Leelanau News and Events

Popular Christmas Tree Farm Feeling the Squeeze

By Art Bukowski | Dec. 8, 2023

One of the county’s most popular and beloved Christmas tree farms may need to shut down for the season soon due to dwindling inventory, and the problem may have them in a bind next year, too.

It’s easy to see why Kolarik Christmas Tree Farm is a hit with people from across the region. Affordable prices, friendly faces and a genuinely idyllic setting in the middle of gently rolling fields and orchards have given this place considerable buzz over the last decade or so. Hundreds of families head out to his quaint, working farm on the family’s namesake Kolarik Road every year as part of their Christmas tradition.

As it turns out, that popularity has become somewhat of a problem. While they’ve got about 20 acres of trees in various stages, the past few years have put a major pinch on their stock of trees in the ideal size range.

“Eight to 10 years ago, which is about the amount of time it takes to grow like a seven- or eight-foot tree, we didn’t plant enough trees to keep up with the increased demand of today,” Chris Kolarik tells The Ticker. “So for this year and probably the next couple of years, we are really encouraging new customers to seek trees elsewhere, because we don’t have enough.”

While there’s no way of knowing for sure who’s a returning customer or not, the Kolarik family hopes to save their remaining trees of the appropriate size for families that have visited them in past years.

“It’s hard to predict, but we’re probably three to four years out (from plenty of inventory),” Kolarik says. “It’s hard to cut people off or turn people away, so what we’ve settled on for now is that we want to be loyal to our customers from the past. If it’s your first time, there are some other options around the community.”

While plenty of customers certainly like the Kolarik farm in is own right, a resurgence in the real tree trend may also be a factor. 

“Artificial trees were popular for a while, but honestly I think real trees are making a big comeback and are becoming much more popular now,” Kolarik says. “Part of it is the experience of going out and cutting down or picking out your own. And of course you’re buying something natural, a natural product that’s locally grown.”

The Kolarik family has deep roots in the county, stretching back to the mid-19th century. And while they’ve farmed a variety of items over the decades – mostly cherries – the tree operation is relatively new.  Chris’ father Jerome started it about 20 years ago on a whim, and it’s turned into something that provides perhaps as much joy to their family as it has to the thousands of people who have cut a tree there over the years.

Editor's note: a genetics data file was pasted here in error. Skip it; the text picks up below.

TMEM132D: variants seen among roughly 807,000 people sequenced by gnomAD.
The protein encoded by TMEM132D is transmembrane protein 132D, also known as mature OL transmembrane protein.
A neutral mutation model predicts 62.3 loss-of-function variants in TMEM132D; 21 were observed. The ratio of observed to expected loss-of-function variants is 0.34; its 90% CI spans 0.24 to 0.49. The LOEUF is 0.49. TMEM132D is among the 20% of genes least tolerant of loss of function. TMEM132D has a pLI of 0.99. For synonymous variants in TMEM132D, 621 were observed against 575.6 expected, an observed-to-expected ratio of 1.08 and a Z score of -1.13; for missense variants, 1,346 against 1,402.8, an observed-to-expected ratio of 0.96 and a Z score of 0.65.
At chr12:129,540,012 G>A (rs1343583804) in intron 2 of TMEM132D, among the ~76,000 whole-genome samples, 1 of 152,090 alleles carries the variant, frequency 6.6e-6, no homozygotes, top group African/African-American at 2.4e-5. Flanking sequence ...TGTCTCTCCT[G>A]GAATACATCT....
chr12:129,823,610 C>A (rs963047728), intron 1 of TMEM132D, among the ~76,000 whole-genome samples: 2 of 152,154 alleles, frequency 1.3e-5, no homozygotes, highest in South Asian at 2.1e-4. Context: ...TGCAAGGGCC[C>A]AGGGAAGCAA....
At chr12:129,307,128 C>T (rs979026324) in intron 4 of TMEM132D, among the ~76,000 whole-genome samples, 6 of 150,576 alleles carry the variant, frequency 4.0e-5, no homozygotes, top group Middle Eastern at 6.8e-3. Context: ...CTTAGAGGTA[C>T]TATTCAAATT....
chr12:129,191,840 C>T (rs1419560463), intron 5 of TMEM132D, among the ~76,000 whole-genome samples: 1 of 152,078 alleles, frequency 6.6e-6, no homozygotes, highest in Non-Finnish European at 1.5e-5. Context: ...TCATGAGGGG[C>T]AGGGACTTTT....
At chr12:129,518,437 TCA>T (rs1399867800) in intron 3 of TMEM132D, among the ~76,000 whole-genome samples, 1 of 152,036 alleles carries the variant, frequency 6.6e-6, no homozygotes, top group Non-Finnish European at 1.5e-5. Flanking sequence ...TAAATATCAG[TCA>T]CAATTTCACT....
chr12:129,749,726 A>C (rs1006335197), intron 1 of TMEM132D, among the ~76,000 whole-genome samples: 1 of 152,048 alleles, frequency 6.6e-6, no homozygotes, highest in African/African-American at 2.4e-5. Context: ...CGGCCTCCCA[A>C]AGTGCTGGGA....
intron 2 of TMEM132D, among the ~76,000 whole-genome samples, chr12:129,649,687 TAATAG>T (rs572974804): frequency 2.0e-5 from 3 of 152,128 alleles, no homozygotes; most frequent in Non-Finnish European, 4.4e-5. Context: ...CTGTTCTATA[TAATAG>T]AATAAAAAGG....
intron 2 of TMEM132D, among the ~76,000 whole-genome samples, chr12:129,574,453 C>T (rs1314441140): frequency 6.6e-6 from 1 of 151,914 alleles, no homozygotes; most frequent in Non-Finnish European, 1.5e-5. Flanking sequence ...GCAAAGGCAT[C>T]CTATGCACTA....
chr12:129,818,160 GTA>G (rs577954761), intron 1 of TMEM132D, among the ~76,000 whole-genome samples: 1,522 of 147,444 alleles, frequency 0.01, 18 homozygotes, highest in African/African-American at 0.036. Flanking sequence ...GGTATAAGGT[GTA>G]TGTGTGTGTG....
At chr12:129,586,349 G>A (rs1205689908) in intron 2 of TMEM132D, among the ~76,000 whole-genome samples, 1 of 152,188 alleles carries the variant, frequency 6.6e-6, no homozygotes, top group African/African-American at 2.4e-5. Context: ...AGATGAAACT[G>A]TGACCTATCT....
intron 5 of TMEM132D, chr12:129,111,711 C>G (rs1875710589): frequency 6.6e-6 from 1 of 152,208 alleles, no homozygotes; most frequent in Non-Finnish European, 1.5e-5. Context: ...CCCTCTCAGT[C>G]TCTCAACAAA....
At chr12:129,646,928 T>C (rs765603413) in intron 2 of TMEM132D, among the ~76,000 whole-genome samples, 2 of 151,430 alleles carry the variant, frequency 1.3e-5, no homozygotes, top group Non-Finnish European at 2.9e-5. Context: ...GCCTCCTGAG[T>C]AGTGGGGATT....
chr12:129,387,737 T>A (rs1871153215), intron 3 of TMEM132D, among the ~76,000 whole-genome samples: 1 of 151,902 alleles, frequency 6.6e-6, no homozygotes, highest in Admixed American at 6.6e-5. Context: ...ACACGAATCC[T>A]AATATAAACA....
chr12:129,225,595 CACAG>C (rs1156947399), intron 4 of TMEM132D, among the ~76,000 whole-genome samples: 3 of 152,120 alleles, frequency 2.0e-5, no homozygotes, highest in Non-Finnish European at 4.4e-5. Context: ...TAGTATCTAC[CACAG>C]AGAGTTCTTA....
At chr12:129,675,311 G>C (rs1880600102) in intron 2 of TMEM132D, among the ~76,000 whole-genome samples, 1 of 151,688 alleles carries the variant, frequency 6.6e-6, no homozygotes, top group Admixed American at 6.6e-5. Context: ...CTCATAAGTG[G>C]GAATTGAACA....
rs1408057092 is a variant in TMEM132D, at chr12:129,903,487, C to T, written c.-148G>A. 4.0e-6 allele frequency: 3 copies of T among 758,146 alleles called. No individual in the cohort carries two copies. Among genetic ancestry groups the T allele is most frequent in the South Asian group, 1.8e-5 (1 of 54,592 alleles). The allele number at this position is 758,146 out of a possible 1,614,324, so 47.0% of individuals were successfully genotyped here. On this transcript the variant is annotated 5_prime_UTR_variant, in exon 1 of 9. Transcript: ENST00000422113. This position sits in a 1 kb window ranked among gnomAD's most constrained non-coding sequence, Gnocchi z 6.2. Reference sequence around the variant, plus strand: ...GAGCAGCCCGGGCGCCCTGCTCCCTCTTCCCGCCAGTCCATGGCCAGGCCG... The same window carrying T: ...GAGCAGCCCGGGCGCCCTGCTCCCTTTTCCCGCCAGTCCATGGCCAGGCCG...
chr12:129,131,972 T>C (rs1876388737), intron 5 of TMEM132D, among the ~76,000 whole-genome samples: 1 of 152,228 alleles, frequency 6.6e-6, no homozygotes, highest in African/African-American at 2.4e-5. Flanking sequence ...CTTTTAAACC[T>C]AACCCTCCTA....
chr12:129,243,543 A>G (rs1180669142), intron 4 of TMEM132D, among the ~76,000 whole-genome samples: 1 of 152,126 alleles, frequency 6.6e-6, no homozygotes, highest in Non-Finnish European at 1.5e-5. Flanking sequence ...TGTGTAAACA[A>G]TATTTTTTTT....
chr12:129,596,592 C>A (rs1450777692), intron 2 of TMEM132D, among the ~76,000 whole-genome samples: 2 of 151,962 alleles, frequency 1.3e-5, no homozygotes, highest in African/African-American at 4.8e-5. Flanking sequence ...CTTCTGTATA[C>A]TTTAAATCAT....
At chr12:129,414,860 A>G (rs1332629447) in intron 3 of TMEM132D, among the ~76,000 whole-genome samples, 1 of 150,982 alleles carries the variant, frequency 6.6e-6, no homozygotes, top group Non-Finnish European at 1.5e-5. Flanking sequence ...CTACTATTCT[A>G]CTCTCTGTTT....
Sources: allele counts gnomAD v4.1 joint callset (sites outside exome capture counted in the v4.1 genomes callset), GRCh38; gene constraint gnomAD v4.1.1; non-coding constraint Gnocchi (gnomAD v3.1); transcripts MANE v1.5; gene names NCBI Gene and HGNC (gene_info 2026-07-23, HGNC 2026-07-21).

“It’s great to see the smiles on everyone when they come out, especially the kids. Families in particular like to come out to cut their own trees," Chris says. "They drive around, spend time with the family, pick a nice tree out – just really enjoy the experience.”

But while all the cliches apply in regards to smiling faces and warm holiday cheer, the operation – like most agricultural endeavors – is also full of challenges and strenuous work. Chris has noticed that people seem to assume that tree growing involves much less work than other crops, but he says that’s far from the case.

“Many people have the perception that it’s as simple as putting some trees in the ground, and eight years later you have some beautiful Christmas trees, but it’s not quite that easy,” Chris says. “There’s a significant amount of labor in the summer months with fertilizing, mowing, weed control, watering, hand picking new growth cones off certain varieties, and of course pruning.”

And the selling season itself is also not for the faint of heart. 

“It’s a pretty demanding job physically, to be able to hang through the whole season. It gets pretty taxing after four or five weeks,” he says. “Come here on a day when it’s heavy wet snow or a cold rain and work all day, and believe me, you’ll be happy to see that last customer and finally close the booth for the day.”

But they still look foward to it year after year, and will do moreso once their stock is back up and more people can again soak up the experience. 

"Part of the fun up here is having people come from so many miles away," Chris says. "Everyone loves to come up here, and part of the draw is we've got that real authentic feel...we're a real working farm, with plenty of places to take pictures in front of to give you that old farmy feel."


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